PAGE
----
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Armed Forces Act doesn’t need change

Lt-Gen. Harwant Singh’s article “AFSPA doesn’t need change” (April 26) is an eye-opener and throws light on how terrorists and human rights activists use false propaganda to demoralise our security forces. The ironical and unfortunate aspect of all this is that the media especially electronic, falls prey to this trap by sensationalising and blowing small issues out of proportion.  

It is a fact that during an insurgency anti-social and anti-national elements and their votaries try to discredit the security forces by portraying them as oppressive and anti-people. Terrorists deliberately choose populated areas to target security forces that makes counter-insurgency operations a messy affair. In such situations innocent civilians are caught in the crossfire. Sometimes this could be due to an error of judgement, but many times insurgents themselves inflict injuries to civilians knowing well that the blame for it will surely be pinned on security forces.

We must understand that India is surrounded by hostile neighbours who are out to disintegrate our country by aiding and abetting cross-border terrorism in J&K and North-East. Now a new dimension has been added by Maoists. Our security forces are working under tremendous pressure as is evident from the Dantewada incident. The need of the hour is that they must be supported and shielded from false propaganda.

Human rights activists and their political masters are not going to fight for us on borders. They can only talk and demoralise the security forces by sitting in the comfort of air-conditioned rooms.

  ARVIND DHUMAL, Jalandhar

Letters to the Editor

Letters to the Editor, neatly hand-written or typed in double space, should not exceed the 150-word limit. These can be sent by post to the Letters Editor, The Tribune, Sector 29, Chandigarh-160030. Letters can also be sent by e-mail to: Letters@tribuneindia.com

— Editor-in-Chief

Beyond tokenism

The news report, “Class IX English topper can’t read a sentence” (April 26) typifies the lackadaisical approach of the Haryana government to secondary school education which is plagued by lofty sloganeering and vulgar self-aggrandisement.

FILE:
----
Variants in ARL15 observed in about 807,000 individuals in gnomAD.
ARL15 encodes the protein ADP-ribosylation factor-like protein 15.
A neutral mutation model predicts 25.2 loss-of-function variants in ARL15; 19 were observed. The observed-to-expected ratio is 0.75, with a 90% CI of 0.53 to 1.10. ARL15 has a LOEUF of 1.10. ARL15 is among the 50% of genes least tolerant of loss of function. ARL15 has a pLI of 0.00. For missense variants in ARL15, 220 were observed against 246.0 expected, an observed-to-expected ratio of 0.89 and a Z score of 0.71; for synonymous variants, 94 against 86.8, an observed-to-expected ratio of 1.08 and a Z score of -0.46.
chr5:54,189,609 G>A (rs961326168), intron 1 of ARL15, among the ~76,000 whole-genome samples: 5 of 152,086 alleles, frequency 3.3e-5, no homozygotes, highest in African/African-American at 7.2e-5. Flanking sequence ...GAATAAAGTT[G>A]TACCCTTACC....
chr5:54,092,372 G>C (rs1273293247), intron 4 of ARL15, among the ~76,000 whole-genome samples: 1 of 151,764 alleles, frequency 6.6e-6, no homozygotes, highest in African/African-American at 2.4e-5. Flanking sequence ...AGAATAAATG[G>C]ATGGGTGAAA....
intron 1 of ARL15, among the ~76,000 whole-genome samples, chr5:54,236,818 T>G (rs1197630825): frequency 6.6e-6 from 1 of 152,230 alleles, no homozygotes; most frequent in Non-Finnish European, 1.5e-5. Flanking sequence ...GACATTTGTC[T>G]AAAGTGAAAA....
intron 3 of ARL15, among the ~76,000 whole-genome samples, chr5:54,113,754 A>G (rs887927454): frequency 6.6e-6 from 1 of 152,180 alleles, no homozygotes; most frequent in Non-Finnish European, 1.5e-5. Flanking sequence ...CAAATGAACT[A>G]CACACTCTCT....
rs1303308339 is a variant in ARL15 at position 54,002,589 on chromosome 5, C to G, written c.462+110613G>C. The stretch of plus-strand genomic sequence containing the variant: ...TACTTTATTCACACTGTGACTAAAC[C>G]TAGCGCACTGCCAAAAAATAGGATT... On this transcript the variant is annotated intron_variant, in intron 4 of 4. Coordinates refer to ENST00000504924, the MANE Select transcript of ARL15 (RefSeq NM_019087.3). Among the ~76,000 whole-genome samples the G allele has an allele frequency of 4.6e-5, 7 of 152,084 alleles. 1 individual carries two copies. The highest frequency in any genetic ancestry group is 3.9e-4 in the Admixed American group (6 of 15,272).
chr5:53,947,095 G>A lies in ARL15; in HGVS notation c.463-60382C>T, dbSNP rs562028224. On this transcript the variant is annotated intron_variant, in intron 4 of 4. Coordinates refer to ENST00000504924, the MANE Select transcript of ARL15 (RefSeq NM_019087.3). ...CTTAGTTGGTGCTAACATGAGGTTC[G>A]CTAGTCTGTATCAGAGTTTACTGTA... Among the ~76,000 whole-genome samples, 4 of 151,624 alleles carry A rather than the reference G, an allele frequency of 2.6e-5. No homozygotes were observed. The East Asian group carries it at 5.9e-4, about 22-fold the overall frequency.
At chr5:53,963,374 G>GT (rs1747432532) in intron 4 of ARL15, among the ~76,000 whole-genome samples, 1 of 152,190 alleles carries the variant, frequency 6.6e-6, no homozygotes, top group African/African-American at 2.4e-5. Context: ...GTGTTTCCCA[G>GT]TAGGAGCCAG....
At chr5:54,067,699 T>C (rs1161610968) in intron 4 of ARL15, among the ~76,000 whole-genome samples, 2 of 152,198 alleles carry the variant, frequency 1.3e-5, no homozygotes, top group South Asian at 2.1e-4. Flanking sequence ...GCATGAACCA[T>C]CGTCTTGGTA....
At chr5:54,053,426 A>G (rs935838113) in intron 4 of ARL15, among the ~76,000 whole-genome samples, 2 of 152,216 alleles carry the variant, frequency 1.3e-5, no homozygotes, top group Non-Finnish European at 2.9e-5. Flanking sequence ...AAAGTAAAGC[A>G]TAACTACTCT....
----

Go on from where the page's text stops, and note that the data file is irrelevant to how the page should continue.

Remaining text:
Effective teaching is a complex process which besides pedagogical acumen requires adequate expertise in a teaching subject on the part of a teacher. The teacher first needs to internalise the theme of instructions. Only then the same can be imbibed by the pupils through an interactive and participatory modus operandi.

Major disciplines of higher education are essentially based on English language in terms of availability of study material, medium of instruction and examinations etc. Generally, it is seen that without sufficient familiarity with English language, it is impossible for a student to come out with flying colours in their chosen fields.

The situation warrants the government’s sincere attention to the woeful state of affairs and calls for a separate cadre for English teachers at the secondary level of education. It should shun tokenism.

NEETI BANSAL GOYAL, Samalkha (Panipat)

Animals’ feelings

The middle “Canine love” (April 22) by Surinder Gosain was interesting. Love is a feeling. Not only humans but animals too can feel it. There is no need of any language to express love. One can convey love with gestures too.

An animal cannot speak but can express its feelings through its actions. Animals can also judge the difference between love and betrayal. A man’s behaviour may be insincere but not an animal’s. How can we claim that the man is the best social animal on this earth?


Honour in killings?

Sajla Chawla’s article “What honour in killing?” (April 16) is appreciable. Even in the 21st century our society is male-dominated. Heinous crimes like “honour killings” cannot be condoned and as a society we must recognise the discrimination against women.

The media plays a vital role in highlighting such cases where women suffer silently and are discriminated in the family or outside the family.


Remove social injustice 

However much we talk about the virtues of social equality and justice, the hydra-headed monster of casteism is ruling the roost and taken its toll on the Dalits at least in the rural India (editorial, “Death in Hisar”, April 23). The torching of houses of Dalits resulting in the killing of a handicapped girl and her father in a Haryana village is a glaring example of this fact. This incident is a blot on the face of the biggest democracy in the world and a slap on the face of its guardians.  

There are enough laws to punish the culprits responsible for the atrocities on the weaker sections of society but these are rarely enforced because of lack of political will on the part of our leaders. They develop cold feet when it comes to the crunch. Apparently they do not stand up for the oppressed and marginalised people for the fear of losing the support of the high and mighty during the elections.

That some Dalits occupy high posts in the government and private sector does not detract from the fact that a majority of them continue to be subjected to exploitation and deprivation.

The powers that be must come to the rescue of the people exploited and neglected for centuries before it is too late. Their dissatisfaction can have wider implications for society and the government.




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